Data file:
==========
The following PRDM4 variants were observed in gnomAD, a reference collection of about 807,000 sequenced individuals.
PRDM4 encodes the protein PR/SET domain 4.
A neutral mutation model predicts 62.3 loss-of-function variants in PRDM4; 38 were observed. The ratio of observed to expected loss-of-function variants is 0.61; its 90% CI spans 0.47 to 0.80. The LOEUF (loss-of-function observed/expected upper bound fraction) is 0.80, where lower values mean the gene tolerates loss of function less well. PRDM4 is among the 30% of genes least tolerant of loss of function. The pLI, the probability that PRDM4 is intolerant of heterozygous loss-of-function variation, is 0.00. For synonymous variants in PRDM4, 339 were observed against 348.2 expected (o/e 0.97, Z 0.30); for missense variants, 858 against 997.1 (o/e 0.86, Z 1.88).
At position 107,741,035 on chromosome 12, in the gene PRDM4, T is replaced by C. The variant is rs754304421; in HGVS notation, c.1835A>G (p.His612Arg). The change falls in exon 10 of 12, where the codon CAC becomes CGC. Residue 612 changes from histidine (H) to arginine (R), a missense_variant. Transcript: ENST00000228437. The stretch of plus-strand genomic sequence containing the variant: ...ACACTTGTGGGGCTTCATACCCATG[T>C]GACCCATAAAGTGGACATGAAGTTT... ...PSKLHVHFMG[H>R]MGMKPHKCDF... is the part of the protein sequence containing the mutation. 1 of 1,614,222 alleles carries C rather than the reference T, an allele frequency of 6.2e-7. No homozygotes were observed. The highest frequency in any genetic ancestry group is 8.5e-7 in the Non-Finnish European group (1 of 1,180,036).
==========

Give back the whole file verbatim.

The following PRDM4 variants were observed in gnomAD, a reference collection of about 807,000 sequenced individuals.
PRDM4 encodes the protein PR/SET domain 4.
A neutral mutation model predicts 62.3 loss-of-function variants in PRDM4; 38 were observed. The ratio of observed to expected loss-of-function variants is 0.61; its 90% CI spans 0.47 to 0.80. The LOEUF (loss-of-function observed/expected upper bound fraction) is 0.80, where lower values mean the gene tolerates loss of function less well. PRDM4 is among the 30% of genes least tolerant of loss of function. The pLI, the probability that PRDM4 is intolerant of heterozygous loss-of-function variation, is 0.00. For synonymous variants in PRDM4, 339 were observed against 348.2 expected (o/e 0.97, Z 0.30); for missense variants, 858 against 997.1 (o/e 0.86, Z 1.88).
At position 107,741,035 on chromosome 12, in the gene PRDM4, T is replaced by C. The variant is rs754304421; in HGVS notation, c.1835A>G (p.His612Arg). The change falls in exon 10 of 12, where the codon CAC becomes CGC. Residue 612 changes from histidine (H) to arginine (R), a missense_variant. Transcript: ENST00000228437. The stretch of plus-strand genomic sequence containing the variant: ...ACACTTGTGGGGCTTCATACCCATG[T>C]GACCCATAAAGTGGACATGAAGTTT... ...PSKLHVHFMG[H>R]MGMKPHKCDF... is the part of the protein sequence containing the mutation. 1 of 1,614,222 alleles carries C rather than the reference T, an allele frequency of 6.2e-7. No homozygotes were observed. The highest frequency in any genetic ancestry group is 8.5e-7 in the Non-Finnish European group (1 of 1,180,036).